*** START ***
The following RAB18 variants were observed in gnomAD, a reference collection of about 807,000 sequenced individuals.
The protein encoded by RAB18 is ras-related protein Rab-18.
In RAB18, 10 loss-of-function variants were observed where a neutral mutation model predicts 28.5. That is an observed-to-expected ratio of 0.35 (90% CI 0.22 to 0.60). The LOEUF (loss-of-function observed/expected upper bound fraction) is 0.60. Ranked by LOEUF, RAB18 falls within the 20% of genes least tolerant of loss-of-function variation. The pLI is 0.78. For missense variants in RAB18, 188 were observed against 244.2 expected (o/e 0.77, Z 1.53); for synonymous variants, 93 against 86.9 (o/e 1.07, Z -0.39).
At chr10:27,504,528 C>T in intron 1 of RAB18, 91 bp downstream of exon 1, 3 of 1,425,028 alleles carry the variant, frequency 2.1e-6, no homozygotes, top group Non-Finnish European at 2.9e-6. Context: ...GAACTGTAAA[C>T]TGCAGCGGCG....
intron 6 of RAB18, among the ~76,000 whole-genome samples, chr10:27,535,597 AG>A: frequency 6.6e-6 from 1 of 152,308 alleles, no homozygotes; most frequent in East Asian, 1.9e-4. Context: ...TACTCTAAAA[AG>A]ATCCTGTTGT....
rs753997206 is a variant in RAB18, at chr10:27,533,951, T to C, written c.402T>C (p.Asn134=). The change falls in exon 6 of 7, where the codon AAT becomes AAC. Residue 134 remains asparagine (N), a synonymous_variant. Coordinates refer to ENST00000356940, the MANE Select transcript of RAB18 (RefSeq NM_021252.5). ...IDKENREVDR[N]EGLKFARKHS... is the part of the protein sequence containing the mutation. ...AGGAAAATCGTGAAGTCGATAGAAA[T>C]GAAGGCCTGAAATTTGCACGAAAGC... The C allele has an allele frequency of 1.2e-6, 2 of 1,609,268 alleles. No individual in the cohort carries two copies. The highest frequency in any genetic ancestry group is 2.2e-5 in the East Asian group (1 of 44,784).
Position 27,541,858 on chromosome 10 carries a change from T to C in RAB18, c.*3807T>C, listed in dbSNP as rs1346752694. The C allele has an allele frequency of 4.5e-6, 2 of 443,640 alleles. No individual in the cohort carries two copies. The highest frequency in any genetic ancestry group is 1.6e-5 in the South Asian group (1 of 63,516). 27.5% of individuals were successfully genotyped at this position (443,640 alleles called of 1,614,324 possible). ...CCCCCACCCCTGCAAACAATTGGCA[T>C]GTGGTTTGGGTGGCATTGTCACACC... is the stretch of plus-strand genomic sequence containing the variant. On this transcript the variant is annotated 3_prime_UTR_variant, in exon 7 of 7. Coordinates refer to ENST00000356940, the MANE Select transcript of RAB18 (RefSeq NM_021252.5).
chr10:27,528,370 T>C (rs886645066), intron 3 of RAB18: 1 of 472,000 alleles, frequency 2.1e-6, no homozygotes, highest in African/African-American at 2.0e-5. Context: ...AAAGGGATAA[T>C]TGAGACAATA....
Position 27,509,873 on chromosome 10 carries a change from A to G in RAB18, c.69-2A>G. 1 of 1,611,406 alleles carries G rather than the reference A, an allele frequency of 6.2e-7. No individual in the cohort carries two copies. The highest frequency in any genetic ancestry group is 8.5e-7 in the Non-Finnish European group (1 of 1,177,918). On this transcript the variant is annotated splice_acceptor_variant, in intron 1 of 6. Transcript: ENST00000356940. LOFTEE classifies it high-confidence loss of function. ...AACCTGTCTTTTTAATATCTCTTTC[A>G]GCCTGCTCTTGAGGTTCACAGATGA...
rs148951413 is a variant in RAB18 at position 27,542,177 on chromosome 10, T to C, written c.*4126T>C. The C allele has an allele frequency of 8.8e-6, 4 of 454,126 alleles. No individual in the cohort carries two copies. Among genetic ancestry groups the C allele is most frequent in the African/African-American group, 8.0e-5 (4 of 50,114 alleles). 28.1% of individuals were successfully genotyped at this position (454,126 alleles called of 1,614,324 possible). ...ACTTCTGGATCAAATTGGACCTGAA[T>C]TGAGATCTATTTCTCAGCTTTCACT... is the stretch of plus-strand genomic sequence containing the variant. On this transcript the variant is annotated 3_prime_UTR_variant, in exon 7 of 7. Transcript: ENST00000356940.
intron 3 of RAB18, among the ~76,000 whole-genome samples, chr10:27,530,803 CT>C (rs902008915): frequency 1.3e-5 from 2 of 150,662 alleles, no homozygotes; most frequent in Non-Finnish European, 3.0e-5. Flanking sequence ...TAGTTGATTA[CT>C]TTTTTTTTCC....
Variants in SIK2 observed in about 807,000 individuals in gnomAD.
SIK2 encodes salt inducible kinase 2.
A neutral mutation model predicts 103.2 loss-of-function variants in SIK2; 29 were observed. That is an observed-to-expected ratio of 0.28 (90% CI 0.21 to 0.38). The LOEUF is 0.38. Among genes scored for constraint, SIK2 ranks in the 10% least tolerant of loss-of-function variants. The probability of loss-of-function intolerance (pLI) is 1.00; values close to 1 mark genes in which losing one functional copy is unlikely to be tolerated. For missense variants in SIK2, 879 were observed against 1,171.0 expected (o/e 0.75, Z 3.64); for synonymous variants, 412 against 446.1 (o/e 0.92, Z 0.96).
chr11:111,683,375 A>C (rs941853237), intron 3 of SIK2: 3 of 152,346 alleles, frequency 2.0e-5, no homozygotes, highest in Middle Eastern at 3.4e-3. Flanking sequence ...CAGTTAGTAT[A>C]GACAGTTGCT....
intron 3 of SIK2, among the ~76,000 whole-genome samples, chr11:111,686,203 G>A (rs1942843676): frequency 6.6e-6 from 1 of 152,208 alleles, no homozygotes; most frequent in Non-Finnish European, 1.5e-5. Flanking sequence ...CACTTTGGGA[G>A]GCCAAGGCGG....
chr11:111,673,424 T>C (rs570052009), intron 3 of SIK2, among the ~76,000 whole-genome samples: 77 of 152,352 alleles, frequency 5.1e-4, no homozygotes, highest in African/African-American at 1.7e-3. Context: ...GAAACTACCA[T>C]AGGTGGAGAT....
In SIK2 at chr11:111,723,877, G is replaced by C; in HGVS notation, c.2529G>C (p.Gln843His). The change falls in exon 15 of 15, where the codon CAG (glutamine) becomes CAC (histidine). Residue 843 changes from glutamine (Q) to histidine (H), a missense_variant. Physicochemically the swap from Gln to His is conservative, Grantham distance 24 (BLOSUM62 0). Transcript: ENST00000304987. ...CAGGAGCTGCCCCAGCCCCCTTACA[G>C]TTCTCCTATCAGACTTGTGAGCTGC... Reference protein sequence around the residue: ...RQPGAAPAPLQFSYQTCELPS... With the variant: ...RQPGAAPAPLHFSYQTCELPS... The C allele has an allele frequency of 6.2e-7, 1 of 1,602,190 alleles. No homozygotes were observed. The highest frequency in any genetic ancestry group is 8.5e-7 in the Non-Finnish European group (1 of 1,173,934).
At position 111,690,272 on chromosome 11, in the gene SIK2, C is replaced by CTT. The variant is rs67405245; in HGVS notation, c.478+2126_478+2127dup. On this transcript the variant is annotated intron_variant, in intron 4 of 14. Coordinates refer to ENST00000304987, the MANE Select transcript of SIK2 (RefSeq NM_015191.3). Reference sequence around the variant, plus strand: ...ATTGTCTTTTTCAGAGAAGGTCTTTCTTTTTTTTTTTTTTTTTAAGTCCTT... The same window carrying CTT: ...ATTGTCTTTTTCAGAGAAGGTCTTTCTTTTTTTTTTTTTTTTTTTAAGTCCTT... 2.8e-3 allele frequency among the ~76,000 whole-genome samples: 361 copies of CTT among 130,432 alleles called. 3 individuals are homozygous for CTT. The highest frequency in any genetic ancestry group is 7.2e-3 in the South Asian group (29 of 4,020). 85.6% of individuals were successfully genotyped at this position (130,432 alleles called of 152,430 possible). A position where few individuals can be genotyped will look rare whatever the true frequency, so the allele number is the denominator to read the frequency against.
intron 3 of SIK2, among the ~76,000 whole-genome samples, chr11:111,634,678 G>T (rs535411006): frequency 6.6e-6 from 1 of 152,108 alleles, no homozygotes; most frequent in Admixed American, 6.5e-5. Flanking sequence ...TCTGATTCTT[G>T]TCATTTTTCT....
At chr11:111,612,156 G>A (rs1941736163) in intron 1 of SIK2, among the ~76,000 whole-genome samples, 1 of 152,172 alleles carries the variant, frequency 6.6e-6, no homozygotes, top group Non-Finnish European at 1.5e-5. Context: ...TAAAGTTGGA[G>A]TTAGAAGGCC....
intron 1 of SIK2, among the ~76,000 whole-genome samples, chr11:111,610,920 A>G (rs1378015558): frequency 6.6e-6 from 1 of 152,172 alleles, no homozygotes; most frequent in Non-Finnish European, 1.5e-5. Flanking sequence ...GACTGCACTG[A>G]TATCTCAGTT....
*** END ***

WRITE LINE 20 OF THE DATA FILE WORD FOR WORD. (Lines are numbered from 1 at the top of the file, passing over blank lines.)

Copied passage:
intron 3 of SIK2, among the ~76,000 whole-genome samples, chr11:111,634,678 G>T (rs535411006): frequency 6.6e-6 from 1 of 152,108 alleles, no homozygotes; most frequent in Admixed American, 6.5e-5. Flanking sequence ...TCTGATTCTT[G>T]TCATTTTTCT....